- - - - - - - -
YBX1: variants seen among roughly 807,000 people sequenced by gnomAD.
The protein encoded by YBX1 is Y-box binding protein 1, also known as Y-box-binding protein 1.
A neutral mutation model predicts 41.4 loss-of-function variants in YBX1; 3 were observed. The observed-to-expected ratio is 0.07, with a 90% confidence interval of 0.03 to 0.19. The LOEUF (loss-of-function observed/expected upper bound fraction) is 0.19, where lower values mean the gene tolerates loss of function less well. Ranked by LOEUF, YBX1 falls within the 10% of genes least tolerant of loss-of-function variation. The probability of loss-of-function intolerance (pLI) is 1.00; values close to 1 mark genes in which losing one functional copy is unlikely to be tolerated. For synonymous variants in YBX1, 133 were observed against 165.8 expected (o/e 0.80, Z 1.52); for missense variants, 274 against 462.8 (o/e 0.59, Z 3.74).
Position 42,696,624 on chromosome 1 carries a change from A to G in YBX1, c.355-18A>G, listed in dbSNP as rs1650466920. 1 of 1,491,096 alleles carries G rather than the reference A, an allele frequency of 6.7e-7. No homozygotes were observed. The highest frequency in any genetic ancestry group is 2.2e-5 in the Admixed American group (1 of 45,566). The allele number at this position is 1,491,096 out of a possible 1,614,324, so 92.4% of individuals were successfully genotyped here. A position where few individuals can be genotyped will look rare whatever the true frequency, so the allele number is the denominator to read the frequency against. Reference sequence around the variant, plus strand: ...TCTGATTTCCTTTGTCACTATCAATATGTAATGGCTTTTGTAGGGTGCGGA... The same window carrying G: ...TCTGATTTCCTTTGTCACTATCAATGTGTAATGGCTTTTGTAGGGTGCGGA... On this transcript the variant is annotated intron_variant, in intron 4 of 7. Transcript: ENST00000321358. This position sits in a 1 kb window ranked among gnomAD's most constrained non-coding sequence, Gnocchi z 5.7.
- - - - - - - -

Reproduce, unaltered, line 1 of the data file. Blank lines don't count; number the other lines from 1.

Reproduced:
YBX1: variants seen among roughly 807,000 people sequenced by gnomAD.